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The U.S. Department of Agriculture (“USDA”) had established provisions under which eligible owners of commercial citrus groves could, subject to availability of funds, receive payments to recover lost production income and recover the costs of the loss of citrus trees as a result of the removal of commercial citrus trees to control the spread of citrus canker. The following article is the first in a three part series of articles which address the federal income tax consequences of the receipt by citrus growers of lost tree and lost production payments under differing scenarios. This article will address the federal income tax consequences of the receipt by a citrus grower of lost tree and lost production payments when the citrus grower intends to “cash out” and therefore, will not reinvest the payments into a replacement citrus grove or replacement property of any kind. The second and third articles in this series will address the tax consequences to a citrus grower who plans to reinvest the lost tree and production payments into replacement property, i.e. replacement citrus groves, other commercial agricultural businesses and/or investment real property. As most of our readers are aware, the USDA has suspended any future funding of the program to eradicate citrus canker in the State of Florida through the removal of trees. However, the USDA has publicly stated that it is committed to fully fund the eradication efforts initiated as of January 10, 2006 and therefore, this article and the proposed series of articles that will follow, should still be extremely useful to many affected citrus growers.
In the event that the taxpayer does not intend to reinvest any of the payments received into replacement citrus groves, any other commercial agricultural businesses or investment real property, then any amount of lost production or lost tree payments received by the taxpayer, would be subject to income tax. Generally, the amounts received for lost production payments will be treated as “ordinary income” subject to the graduated tax rates. Such amounts will, however, be eligible for income averaging under Section 1301 of the Internal Revenue Code of 1986, as amended. Under certain circumstances, it may be possible to argue that some of the lost production payments should not be recognized in income or are eligible for long-term capital gain treatment (similar to arguments that were successfully asserted in the line of cases and revenue rulings dealing with settlement proceeds received by nursery owners in connection with the application of the fungicide “Benlate”). These circumstances are very fact specific and should be discussed with competent tax advisor that is familiar with agricultural tax issues.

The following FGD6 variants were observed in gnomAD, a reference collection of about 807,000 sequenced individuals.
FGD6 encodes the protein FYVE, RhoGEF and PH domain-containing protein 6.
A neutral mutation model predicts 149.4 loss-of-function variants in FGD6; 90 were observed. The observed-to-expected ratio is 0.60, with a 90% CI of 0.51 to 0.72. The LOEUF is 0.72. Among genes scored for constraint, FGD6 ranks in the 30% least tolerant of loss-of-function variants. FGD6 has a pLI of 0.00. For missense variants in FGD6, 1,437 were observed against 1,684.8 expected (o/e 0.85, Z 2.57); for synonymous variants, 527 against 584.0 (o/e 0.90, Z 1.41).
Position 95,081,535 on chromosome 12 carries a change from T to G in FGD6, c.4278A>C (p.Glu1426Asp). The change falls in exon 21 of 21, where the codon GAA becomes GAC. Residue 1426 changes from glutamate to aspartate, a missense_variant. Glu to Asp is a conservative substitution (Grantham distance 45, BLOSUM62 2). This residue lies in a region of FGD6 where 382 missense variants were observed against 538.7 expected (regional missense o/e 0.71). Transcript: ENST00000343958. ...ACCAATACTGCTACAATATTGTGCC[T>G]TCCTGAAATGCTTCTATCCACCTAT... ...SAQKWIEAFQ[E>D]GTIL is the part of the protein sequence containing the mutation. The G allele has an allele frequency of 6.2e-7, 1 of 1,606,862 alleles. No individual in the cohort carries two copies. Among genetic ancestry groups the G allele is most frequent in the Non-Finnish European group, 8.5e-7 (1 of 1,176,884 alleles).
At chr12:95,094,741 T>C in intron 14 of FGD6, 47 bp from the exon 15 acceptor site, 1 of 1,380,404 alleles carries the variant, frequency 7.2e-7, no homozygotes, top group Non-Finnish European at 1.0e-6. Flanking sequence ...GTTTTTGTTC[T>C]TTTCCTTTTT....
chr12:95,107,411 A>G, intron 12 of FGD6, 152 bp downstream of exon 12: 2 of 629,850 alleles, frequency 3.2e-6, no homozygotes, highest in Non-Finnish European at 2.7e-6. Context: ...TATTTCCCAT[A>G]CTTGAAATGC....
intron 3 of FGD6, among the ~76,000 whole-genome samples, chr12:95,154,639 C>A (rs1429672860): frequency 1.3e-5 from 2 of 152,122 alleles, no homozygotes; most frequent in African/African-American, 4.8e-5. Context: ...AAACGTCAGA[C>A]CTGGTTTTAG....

Any amounts received by the taxpayer for lost tree payments would be received in connection with the sale or exchange of property used in a trade or business, and the character of any gain or loss recognized by the taxpayer would be determined under Code Section 1231. Section 1231 provides if there is a gain realized in connection with the receipt of the lost tree payments (i.e. the amount of the lost tree payments received exceed the taxpayer’s adjusted basis in the trees destroyed) then, any such gain will be characterized as a long-term capital gain. In the event that the taxpayer realized a loss in connection with the receipt of the lost tree payments (i.e. the amount of the lost tree payments receives was less than the taxpayer’s adjusted basis in the tress destroyed) then, pursuant to Section 1231, the loss would be recognized as an ordinary loss. All gains and losses from the sale of all Section 1231 properties for each tax year are lumped together and therefore, whether an individual taxpayer will have a gain or loss under Section 1231 depends upon the total Section 1231 transactions in the tax year in question.
Notwithstanding the foregoing, Section 1245(a) provides that in the event that Section 1245 property (citrus trees are considered Section 1245 property) is disposed of, then the taxpayer will recognize ordinary income to the extent of the depreciation deductions were allowed with respect to such Section 1245 property. Therefore, despite Section 1231, Section 1245 may recharacterize a portion of the gain recognized upon the receipt of any lost tree payments as ordinary income.
In conclusion, in the event that a taxpayer receives lost tree and lost production payments and does not intend to reinvest those proceeds in any replacement property or take a more aggressive reporting position, then, the taxpayer will recognize the lost production payments as ordinary income, subject to income averaging under Section 1301, and will recognize the lost tree payments under Section 1231 (with gains taxed at long-term capital gains rates and losses recognized as ordinary losses), subject to depreciation recapture under Section 1245(a).
The authors are members of Dean Mead, a full-service law firm with offices in Orlando, Fort Pierce and Viera. The firm’s Citrus Canker Task Force assists citrus growers with the legal issues that result when canker is detected in their groves. For more information about Dean Mead and its Citrus Canker Task Force, please visit deanmead.deme.dev.